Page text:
Archive for the ‘wolves’ Category

Dire wolves aren’t wolves at all—they form a distinct lineage with jackals

January 13th, 2021
Two canid skeletons facing each other.

Enlarge (credit: Wikimedia commons)

Dire wolves had a burst of newfound fame with their appearance in Game of Thrones, where they were portrayed as a far larger version of more mundane wolves. Here in the real world, only the largest populations of present-day wolves get as large as the dire wolf, which weighed nearly 70 kilograms. These animals once shared North America—and likely prey—with predators like the smilodon, a saber-toothed cat. Prior to the arrival of humans, dire wolves were far more common than regular wolves, as indicated by the remains found in the La Brea tar seeps, where they outnumber gray wolves by a factor of about 100.

Like the smilodon and many other large North American mammals, the dire wolf vanished during a period of climate change and the arrival of humans to the continent, even as gray wolves and coyotes survived. And with their departure, they left behind a bit of a mystery: what were they?

A new study uses ancient DNA from dire wolf skeletons to determine that they weren't actually wolves and had been genetically isolated from them for millions of years.

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Posted in dire wolves, Dogs, evolution, Genetics, Genomics, paleontology, science, wolves | Comments (0)

Yukon gold miner unearths a mummified Ice Age wolf pup

December 22nd, 2020
Color photo of wolf mummy puppy laying on a pillow

Enlarge / The puppy's remains are dried out but mostly intact thanks to being buried in permafrost. (credit: Government of Yukon)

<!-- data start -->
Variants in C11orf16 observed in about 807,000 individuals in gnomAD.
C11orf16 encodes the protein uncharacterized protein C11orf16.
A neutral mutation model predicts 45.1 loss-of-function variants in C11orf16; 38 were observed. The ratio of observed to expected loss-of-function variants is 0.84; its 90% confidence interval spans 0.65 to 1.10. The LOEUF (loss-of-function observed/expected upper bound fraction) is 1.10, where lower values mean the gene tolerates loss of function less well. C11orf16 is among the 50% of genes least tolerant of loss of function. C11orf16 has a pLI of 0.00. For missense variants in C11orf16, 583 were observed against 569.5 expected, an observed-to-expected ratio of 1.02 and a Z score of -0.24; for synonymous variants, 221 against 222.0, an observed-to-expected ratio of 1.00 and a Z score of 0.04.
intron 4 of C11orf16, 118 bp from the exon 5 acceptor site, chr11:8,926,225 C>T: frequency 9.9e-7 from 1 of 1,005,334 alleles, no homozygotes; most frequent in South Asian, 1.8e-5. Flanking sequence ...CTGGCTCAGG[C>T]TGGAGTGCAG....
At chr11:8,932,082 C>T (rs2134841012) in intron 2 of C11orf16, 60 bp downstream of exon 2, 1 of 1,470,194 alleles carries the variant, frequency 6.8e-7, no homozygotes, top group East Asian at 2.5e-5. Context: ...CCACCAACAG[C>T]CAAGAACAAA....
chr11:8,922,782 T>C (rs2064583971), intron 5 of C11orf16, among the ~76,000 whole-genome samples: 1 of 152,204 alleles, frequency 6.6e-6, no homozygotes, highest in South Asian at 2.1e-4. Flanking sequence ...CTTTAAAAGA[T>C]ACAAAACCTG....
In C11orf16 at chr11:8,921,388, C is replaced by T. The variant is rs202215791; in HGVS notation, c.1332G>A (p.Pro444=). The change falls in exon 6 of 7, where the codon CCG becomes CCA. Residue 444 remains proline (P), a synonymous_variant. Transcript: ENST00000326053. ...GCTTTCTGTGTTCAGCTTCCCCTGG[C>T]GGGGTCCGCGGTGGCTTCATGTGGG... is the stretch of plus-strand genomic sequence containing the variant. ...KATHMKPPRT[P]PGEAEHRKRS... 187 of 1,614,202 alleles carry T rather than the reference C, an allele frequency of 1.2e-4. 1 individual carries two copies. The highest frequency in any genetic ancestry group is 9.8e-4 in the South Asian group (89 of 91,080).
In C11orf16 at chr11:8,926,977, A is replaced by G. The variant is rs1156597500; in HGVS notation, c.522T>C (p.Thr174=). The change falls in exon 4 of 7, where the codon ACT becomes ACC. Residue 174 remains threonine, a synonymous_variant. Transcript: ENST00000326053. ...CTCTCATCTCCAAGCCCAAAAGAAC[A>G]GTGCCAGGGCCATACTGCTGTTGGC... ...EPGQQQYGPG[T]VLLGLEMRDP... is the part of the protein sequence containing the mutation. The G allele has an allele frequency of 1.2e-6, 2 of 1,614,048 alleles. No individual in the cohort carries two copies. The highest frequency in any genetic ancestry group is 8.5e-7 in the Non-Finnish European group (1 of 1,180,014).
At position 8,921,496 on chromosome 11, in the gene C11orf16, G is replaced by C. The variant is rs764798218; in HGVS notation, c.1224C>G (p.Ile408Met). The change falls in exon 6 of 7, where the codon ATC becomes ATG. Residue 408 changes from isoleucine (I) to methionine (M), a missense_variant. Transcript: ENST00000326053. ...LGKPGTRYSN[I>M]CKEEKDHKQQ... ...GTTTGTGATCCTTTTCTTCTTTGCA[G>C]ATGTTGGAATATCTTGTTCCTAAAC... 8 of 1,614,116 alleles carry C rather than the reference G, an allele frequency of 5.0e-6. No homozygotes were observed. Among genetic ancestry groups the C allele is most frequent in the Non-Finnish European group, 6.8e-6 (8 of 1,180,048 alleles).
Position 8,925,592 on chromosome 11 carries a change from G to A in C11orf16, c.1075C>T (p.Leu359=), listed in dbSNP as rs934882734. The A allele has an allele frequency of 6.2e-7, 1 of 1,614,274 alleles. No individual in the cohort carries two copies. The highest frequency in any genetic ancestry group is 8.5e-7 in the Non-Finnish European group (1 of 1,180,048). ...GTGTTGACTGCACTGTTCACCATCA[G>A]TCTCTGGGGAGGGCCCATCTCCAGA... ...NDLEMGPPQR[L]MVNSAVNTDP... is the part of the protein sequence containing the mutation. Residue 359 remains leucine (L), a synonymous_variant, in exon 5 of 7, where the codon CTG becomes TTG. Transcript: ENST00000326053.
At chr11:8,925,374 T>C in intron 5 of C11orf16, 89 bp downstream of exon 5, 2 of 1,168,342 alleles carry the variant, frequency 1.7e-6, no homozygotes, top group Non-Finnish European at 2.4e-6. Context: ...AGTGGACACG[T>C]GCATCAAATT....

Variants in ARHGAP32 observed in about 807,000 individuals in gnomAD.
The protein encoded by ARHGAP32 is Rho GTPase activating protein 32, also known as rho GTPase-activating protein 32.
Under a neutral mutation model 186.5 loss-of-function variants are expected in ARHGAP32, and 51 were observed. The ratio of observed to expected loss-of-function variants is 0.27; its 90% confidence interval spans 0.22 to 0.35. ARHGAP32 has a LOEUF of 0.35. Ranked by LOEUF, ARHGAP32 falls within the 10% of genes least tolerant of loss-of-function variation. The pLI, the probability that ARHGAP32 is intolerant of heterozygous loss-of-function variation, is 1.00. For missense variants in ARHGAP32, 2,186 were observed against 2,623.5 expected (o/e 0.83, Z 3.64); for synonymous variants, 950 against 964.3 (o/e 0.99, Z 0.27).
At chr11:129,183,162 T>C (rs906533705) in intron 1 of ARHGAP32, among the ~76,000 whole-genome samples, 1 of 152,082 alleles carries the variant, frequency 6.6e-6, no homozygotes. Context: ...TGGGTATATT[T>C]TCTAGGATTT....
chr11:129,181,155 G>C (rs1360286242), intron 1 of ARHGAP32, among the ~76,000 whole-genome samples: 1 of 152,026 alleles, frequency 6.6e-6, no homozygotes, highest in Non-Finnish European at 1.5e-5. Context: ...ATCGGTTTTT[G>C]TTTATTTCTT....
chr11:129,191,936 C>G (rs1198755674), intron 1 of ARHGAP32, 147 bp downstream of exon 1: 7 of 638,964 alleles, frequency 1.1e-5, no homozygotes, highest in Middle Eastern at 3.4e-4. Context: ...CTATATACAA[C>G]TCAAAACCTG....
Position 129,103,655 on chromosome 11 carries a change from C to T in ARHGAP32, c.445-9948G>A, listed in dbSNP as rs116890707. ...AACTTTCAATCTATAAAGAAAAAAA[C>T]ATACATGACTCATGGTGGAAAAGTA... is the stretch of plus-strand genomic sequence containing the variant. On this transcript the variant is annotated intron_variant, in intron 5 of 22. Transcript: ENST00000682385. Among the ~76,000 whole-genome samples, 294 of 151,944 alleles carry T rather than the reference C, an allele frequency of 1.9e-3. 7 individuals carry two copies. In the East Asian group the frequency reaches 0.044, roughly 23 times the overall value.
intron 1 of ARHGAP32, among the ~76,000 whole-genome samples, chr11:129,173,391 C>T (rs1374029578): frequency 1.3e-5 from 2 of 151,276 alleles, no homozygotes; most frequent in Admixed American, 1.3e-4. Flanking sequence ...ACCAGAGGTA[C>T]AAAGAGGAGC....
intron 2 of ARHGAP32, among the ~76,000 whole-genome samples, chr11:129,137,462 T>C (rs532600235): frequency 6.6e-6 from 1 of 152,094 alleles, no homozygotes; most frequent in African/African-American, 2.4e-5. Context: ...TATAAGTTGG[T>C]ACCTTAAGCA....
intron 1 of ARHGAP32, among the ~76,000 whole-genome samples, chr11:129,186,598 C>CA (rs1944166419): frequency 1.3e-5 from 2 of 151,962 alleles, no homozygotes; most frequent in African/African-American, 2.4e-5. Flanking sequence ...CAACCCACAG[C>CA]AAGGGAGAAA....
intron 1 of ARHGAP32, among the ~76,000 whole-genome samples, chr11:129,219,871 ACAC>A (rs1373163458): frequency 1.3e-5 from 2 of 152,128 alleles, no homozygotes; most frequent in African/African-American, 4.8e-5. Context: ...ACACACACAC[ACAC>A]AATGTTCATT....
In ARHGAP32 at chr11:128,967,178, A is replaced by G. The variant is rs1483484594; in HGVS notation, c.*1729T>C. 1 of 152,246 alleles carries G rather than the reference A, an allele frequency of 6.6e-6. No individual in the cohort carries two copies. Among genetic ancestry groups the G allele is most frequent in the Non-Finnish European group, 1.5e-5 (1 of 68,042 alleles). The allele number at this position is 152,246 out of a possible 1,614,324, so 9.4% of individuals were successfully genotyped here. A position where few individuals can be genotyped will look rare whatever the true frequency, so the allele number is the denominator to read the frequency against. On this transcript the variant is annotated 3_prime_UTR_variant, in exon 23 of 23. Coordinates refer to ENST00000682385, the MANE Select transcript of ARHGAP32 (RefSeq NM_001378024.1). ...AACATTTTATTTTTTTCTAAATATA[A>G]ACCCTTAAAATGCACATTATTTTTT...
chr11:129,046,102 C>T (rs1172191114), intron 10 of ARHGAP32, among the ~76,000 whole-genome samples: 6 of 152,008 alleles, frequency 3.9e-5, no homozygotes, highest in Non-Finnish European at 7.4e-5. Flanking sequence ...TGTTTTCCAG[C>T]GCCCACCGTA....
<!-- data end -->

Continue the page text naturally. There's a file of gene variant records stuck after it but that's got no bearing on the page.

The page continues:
This Ice Age wolf puppy doesn’t look much like a fearsome predator, what with her tiny puppy teeth and soft little ears. According to her DNA, however, the mummified puppy, named Zhùr, came from a population that's among the ancestors of all modern wolves. Canada’s permafrost freeze-dried her remains shortly after her death around 57,000 years ago.

“She’s the most complete wolf mummy that’s ever been found. She’s basically 100 percent intact—all that’s missing are her eyes,” said Des Moines University paleontologist Julie Meachen.

Puppy surprise

In July 2016, miner Neil Loveless of Favron Enterprises was searching for gold in Alaska’s famed Klondike gold fields. He was water-blasting the frozen mud along the banks of Last Chance Creek. It’s a process called “hydraulic thawing,” meant to thaw and soften the frozen permafrost so miners can search for gold in the streambed deposits, an approach called placer mining. But Loveless found something far stranger and even more interesting than Klondike gold: a frozen, mummified wolf puppy.

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Posted in ancient DNA, gold mining, klondike, mummies, paleontology, Permafrost, pleistocene, science, wolves, Yukon | Comments (0)